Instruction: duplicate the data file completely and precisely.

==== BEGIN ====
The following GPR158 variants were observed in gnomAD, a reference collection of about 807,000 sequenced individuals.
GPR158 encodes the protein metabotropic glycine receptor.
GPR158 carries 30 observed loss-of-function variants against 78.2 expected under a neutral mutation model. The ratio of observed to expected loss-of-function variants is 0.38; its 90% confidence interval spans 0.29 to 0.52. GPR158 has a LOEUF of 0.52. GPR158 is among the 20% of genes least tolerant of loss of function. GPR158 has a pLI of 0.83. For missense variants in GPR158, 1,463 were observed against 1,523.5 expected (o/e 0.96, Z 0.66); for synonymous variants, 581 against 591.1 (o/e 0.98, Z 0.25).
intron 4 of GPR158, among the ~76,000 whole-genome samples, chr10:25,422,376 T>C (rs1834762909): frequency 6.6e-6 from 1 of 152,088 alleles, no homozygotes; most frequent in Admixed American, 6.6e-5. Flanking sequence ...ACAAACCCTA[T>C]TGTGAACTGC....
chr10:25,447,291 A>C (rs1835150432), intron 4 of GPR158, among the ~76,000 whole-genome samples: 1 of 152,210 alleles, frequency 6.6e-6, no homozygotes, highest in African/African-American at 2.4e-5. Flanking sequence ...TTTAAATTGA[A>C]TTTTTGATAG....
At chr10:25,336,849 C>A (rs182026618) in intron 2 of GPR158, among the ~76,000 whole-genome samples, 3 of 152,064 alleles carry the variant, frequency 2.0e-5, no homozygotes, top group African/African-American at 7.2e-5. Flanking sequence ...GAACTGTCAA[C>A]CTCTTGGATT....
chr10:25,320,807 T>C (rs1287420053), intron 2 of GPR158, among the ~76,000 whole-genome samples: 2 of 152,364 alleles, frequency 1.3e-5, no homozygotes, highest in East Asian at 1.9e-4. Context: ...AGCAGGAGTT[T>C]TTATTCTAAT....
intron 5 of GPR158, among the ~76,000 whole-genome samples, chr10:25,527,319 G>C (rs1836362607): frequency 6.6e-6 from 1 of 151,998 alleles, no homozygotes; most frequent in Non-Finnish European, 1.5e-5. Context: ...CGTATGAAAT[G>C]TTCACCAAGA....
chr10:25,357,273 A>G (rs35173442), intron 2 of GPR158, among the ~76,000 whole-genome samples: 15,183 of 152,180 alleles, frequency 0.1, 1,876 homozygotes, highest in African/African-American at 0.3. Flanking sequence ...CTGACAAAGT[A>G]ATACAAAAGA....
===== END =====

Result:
The following GPR158 variants were observed in gnomAD, a reference collection of about 807,000 sequenced individuals.
GPR158 encodes the protein metabotropic glycine receptor.
GPR158 carries 30 observed loss-of-function variants against 78.2 expected under a neutral mutation model. The ratio of observed to expected loss-of-function variants is 0.38; its 90% confidence interval spans 0.29 to 0.52. GPR158 has a LOEUF of 0.52. GPR158 is among the 20% of genes least tolerant of loss of function. GPR158 has a pLI of 0.83. For missense variants in GPR158, 1,463 were observed against 1,523.5 expected (o/e 0.96, Z 0.66); for synonymous variants, 581 against 591.1 (o/e 0.98, Z 0.25).
intron 4 of GPR158, among the ~76,000 whole-genome samples, chr10:25,422,376 T>C (rs1834762909): frequency 6.6e-6 from 1 of 152,088 alleles, no homozygotes; most frequent in Admixed American, 6.6e-5. Flanking sequence ...ACAAACCCTA[T>C]TGTGAACTGC....
chr10:25,447,291 A>C (rs1835150432), intron 4 of GPR158, among the ~76,000 whole-genome samples: 1 of 152,210 alleles, frequency 6.6e-6, no homozygotes, highest in African/African-American at 2.4e-5. Flanking sequence ...TTTAAATTGA[A>C]TTTTTGATAG....
At chr10:25,336,849 C>A (rs182026618) in intron 2 of GPR158, among the ~76,000 whole-genome samples, 3 of 152,064 alleles carry the variant, frequency 2.0e-5, no homozygotes, top group African/African-American at 7.2e-5. Flanking sequence ...GAACTGTCAA[C>A]CTCTTGGATT....
chr10:25,320,807 T>C (rs1287420053), intron 2 of GPR158, among the ~76,000 whole-genome samples: 2 of 152,364 alleles, frequency 1.3e-5, no homozygotes, highest in East Asian at 1.9e-4. Context: ...AGCAGGAGTT[T>C]TTATTCTAAT....
intron 5 of GPR158, among the ~76,000 whole-genome samples, chr10:25,527,319 G>C (rs1836362607): frequency 6.6e-6 from 1 of 151,998 alleles, no homozygotes; most frequent in Non-Finnish European, 1.5e-5. Context: ...CGTATGAAAT[G>C]TTCACCAAGA....
chr10:25,357,273 A>G (rs35173442), intron 2 of GPR158, among the ~76,000 whole-genome samples: 15,183 of 152,180 alleles, frequency 0.1, 1,876 homozygotes, highest in African/African-American at 0.3. Flanking sequence ...CTGACAAAGT[A>G]ATACAAAAGA....